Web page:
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Nutritional Supplements in Sport, Exercise and Health: An A–Z Guide
Pages 249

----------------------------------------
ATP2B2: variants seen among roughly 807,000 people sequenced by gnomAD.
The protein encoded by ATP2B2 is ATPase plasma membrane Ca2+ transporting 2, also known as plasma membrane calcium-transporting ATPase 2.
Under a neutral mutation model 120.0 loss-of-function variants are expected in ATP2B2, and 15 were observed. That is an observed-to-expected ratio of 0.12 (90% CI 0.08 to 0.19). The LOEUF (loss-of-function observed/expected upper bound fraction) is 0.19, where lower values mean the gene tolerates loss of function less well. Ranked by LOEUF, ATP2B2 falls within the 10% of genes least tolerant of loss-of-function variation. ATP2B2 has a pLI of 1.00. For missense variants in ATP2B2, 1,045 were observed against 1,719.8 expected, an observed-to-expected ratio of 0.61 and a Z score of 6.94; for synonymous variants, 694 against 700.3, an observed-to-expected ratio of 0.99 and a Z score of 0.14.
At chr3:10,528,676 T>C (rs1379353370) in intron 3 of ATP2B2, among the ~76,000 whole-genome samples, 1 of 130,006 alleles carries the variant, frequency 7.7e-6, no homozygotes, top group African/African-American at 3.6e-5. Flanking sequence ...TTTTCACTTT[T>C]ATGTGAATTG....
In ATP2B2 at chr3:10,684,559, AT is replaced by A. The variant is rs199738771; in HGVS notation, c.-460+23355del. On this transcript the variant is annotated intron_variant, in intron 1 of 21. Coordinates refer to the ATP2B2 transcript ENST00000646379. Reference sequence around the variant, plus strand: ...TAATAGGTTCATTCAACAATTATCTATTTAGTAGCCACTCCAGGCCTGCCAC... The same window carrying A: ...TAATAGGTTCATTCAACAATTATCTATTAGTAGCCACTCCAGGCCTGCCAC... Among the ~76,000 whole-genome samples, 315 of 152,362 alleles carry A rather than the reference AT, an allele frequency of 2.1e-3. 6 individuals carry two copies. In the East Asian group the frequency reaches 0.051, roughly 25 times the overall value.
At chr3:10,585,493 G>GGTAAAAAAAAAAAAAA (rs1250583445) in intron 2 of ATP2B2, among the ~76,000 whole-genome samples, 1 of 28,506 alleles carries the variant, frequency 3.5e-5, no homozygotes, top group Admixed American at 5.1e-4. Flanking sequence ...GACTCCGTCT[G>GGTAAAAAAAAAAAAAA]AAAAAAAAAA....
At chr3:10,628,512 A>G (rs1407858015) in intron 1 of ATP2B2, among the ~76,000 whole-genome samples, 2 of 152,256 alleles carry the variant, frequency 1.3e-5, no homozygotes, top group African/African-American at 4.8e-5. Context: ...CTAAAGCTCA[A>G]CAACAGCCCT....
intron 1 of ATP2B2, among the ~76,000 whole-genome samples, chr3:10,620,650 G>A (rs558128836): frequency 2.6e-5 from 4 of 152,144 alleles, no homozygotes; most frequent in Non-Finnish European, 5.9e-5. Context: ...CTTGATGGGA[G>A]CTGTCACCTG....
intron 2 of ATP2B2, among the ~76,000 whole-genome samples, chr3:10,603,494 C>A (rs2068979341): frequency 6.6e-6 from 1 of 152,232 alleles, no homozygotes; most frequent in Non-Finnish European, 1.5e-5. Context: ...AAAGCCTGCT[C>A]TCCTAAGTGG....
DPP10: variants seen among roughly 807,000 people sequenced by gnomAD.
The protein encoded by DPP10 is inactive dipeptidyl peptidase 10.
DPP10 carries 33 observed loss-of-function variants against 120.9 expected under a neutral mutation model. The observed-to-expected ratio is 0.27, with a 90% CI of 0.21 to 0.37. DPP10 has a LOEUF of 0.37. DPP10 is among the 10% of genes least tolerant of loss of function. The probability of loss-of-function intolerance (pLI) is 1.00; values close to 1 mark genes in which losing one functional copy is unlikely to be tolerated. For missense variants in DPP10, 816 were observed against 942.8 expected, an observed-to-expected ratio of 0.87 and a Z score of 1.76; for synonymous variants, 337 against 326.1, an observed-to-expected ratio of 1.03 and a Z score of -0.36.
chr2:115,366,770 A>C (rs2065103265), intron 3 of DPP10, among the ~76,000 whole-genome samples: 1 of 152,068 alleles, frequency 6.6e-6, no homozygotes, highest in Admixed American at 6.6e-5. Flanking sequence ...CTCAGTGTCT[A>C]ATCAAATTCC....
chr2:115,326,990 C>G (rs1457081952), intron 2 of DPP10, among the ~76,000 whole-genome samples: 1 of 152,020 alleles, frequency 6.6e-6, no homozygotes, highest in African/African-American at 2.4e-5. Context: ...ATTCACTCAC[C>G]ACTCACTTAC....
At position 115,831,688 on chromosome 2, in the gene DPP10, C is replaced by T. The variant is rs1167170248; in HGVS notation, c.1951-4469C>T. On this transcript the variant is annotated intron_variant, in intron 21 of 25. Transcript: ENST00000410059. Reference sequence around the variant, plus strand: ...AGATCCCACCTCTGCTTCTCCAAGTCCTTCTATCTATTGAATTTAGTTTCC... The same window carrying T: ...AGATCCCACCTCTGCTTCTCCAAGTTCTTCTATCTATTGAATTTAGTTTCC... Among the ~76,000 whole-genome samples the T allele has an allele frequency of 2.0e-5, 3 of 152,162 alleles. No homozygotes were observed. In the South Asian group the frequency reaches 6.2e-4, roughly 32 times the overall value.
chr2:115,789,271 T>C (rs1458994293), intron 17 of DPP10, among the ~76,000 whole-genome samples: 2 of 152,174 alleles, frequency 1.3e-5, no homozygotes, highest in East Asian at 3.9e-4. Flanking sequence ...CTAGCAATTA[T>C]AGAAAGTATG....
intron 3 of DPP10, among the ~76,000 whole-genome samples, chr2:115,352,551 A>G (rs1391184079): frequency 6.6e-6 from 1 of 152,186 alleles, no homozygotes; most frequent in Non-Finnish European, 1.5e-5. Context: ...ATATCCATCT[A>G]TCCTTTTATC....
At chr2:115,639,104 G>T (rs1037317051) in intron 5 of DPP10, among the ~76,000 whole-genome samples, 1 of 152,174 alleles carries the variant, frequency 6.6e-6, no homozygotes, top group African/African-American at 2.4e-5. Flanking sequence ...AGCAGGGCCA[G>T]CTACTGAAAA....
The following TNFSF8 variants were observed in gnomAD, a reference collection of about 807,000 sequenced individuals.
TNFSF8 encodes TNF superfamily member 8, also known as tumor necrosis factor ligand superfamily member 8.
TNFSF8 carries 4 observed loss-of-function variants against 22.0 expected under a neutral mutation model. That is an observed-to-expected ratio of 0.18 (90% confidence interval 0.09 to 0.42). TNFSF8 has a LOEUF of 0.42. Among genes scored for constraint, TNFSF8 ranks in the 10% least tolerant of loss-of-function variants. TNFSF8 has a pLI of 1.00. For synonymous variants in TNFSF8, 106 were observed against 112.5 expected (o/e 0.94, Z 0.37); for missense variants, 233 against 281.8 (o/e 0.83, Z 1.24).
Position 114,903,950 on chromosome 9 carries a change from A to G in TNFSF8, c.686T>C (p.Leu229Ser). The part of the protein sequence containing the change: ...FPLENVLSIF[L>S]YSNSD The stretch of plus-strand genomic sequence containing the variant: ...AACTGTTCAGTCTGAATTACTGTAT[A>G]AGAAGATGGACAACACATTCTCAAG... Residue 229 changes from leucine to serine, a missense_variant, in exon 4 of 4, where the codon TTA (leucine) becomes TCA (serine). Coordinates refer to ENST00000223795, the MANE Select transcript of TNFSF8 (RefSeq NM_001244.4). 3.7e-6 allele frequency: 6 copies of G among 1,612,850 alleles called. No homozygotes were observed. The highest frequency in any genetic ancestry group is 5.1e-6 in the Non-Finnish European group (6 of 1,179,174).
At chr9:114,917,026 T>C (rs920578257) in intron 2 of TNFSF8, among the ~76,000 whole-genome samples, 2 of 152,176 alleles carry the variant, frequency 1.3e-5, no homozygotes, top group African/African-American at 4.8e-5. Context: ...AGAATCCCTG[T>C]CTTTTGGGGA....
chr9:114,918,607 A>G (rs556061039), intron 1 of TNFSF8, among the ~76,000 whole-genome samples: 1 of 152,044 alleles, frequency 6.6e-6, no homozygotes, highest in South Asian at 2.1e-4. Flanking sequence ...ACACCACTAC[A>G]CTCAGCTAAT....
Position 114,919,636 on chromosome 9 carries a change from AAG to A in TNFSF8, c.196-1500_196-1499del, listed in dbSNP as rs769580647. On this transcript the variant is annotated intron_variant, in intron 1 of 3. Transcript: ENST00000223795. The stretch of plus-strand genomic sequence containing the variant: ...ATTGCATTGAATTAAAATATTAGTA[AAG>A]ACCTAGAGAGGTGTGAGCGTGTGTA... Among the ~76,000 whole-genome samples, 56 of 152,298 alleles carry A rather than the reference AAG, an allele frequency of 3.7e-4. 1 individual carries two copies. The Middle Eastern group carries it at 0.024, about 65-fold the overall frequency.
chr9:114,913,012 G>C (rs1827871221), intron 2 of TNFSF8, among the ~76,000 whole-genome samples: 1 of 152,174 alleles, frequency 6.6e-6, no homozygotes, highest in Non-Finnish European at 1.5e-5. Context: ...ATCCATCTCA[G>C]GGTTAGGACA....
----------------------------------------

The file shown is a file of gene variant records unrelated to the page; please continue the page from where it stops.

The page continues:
Amino acids (AA) contain both amine and carboxyl functional groups. Most are the building blocks for protein and are absorbed into the bloodstream following digestion of ingested animal and/or vegetable protein sources. However, not all proteins in the diet have the same nutritional value because each contains different proportions of the essential (or indispensable) AA. The essential and non-essential (or dispensable) AA terminology (see Figure 12) refers to whether or not a specific AA can be synthesised by the body at a rate sufficient to meet the normal requirements for protein synthesis. When sufficient essential AA are present, the protein is considered ‘first-class’ or ‘complete’, e.g. dairy products, eggs, fish and meat. In contrast, plant proteins are described as ‘second-class’ or ‘incomplete’ proteins and must be combined to equal ‘complete’ proteins. Specifically, if combinations of grains plus legumes (peas, beans and peanuts), grains plus nuts or seeds, and/or legumes plus nuts or seeds are consumed throughout the day, adequate amounts of the essential AA are available and protein synthesis is normal (these are often called complementary proteins). Otherwise, growth and/or tissue repair is impaired. As a result, strict vegetarians need to plan their diet carefully to ensure their daily ingestion of plant foods provides them with adequate quantities of each essential AA. Further, several AA (known as conditionally indispensable) including arginine, cysteine, glutamine, proline, tyrosine and perhaps others, can become essential under conditions of stress, e.g. trauma, exercise, etc.